Op-Ed | The continued debate about anti-satellite weapons, nine years after China’s test


Nine years ago, the People’s Republic of China performed a test of a direct-ascent anti-satellite weapon (ASAT) on its aging FY-1C weather satellite. The test, which to many amounted to a shot across the bow, drew international condemnation in part because of the debris it created and the resulting increased risk to objects in low Earth orbit. More significantly, this test brought to the forefront the vulnerability of space-based assets to direct-ascent ASATs.

Since then, the issue of ASATs has been become politically charged and efforts to address ASATs has been obscured by the ambiguous issue of “space weapons.” Less than a year after the test against FY-1C, both China and Russia brought the issue of space weapons to the forefront with a draft treaty, the Prevention of the Placement of Weapons in Outer Space, the Threat or Use of Force against Outer Space Objects (PPWT), in the UN Conference on Disarmament. Both nations have exercised great soft power savvy by diverting the discussion from the threat of direct-ascent ASATs, which are not considered “space weapons” under the PPWT.

Significantly, in the years between the first draft of the PPWT and a 2014 update, China continued testing its ASAT capability with a series of launches, demonstrating their ability reach satellites residing both in medium Earth orbit and geostationary orbit. These tests, which were touted publicly by China as missile-defense and scientific sounding rockets, did not go unnoticed by Western defense and intelligence agencies nor by its neighbors in the Asia-Pacific. Even though these tests were non-destructive, it raised concern that, despite China’s touted stance on banning space weapons, both it and Russia continue to develop counterspace capabilities.

Consider Russia’s activities with both Object 2014-28E and its Luch satellite, which has been maneuvering near several Intelsat satellites in geostationary orbit. Russian officials feign innocence and Russian media promotes Luch as supporting communications operations of the International Space Station and correcting the navigation signals of Glonass satellites. Notwithstanding Luch’s purported function runs afoul of International Telecommunication Union spectrum licensing and geosynchronous registration, its maneuvering capability and activities intimate its mission is not so benign.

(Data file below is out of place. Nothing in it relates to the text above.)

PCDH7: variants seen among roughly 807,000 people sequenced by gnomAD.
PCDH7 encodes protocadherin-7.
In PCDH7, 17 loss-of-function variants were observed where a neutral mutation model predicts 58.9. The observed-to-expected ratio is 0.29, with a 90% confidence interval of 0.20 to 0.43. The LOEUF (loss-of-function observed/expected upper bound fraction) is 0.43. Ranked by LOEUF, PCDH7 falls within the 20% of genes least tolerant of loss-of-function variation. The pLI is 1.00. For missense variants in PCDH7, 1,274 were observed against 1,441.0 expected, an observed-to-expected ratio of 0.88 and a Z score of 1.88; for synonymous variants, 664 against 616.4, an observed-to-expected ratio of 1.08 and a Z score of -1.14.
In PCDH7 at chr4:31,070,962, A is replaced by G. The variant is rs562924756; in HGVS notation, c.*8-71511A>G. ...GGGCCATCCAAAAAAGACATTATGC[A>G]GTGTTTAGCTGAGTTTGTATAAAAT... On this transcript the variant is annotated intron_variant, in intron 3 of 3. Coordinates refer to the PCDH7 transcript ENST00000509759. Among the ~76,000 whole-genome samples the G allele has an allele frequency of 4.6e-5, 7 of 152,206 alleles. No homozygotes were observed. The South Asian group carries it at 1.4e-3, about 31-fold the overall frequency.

The conundrum is that both China and Russia are clouding the issue of ASATs with soft power initiatives. In addition to the PPWT, Russia promoted a UN resolution passed in December that calls for a “no first placement initiative” for so-called space weapons. The United States, Israel, Ukraine and Georgia voted against the measure. Member nations of the European Union, though, abstained from voting, which suggests they are trying to appease Russia as Europe looks to the future of its International Code of Conduct while not voting against the United States. Nonetheless, the resolution found support among 129 nations and struck a diplomatic blow to a geopolitical adversary while essentially intimidating the European Union into silence. The result is Russia gained a noteworthy soft power victory and, by extension, more credibility to the dubious issue of space weapons at the expense of addressing the very real issue of ASATs.

Compounding the maneuvering of China and Russia is U.S. domestic policy — or lack thereof — that appears to shun the issue of ASATs. Prominently, the 2014 and 2015 Annual Report to Congress on Military Developments Involving the People’s Republic of China, while briefly addressing China’s counterspace capabilities, does not include the term “ASAT.” Whether this was inadvertent, or motivated by policy concerns the term would provoke the Chinese government, is unclear. Abandoning the term in favor of other language, like “information blockade,” does nothing more than distract policymakers from the issue of ASATs in the same manner both China and Russia use the “space weapons” debate to distract from their own ASAT development activities.

Admittedly, options open to policymakers are limited, distasteful and may implicate U.S. national security operations in outer space. On the other hand, however unpalatable those policy options may be, the policy decision to avoid the issue through semantics, understatement or to act as though ASATs are not an issue is unsupportable in of itself, especially with the increasing geopolitical challenges and boldness of China and Russia. The United States is facing a change of presidential administrations, which creates uncertainty regarding the future geopolitical tack the new administration will take, However, the issue of ASATs will certainly still be relevant for the next administration.

Contrary to overtures, space-based assets, including GPS, communications and reconnaissance satellites, will be targets in the event of future hostilities. Addressing the threat ASATs pose through the use of clever vernacular, empty posturing, diplomatic overtures, codes of conduct or simply inaction is not an acceptable strategy to deal with the realities posed. Now is the time not to lament China’s actions and the current situation but, instead, to begin to sincerely explore policy options to address the issue of ASATs.

Michael J. Listner is an attorney licensed in New Hampshire and the founder and principal of Space Law & Policy Solutions, which is a legal and policy think tank/consultation firm that identifies issues and offers pragmatic solutions relating to outer space security and development. He is also the author and administrator of the space law and policy blog Space Thoughts.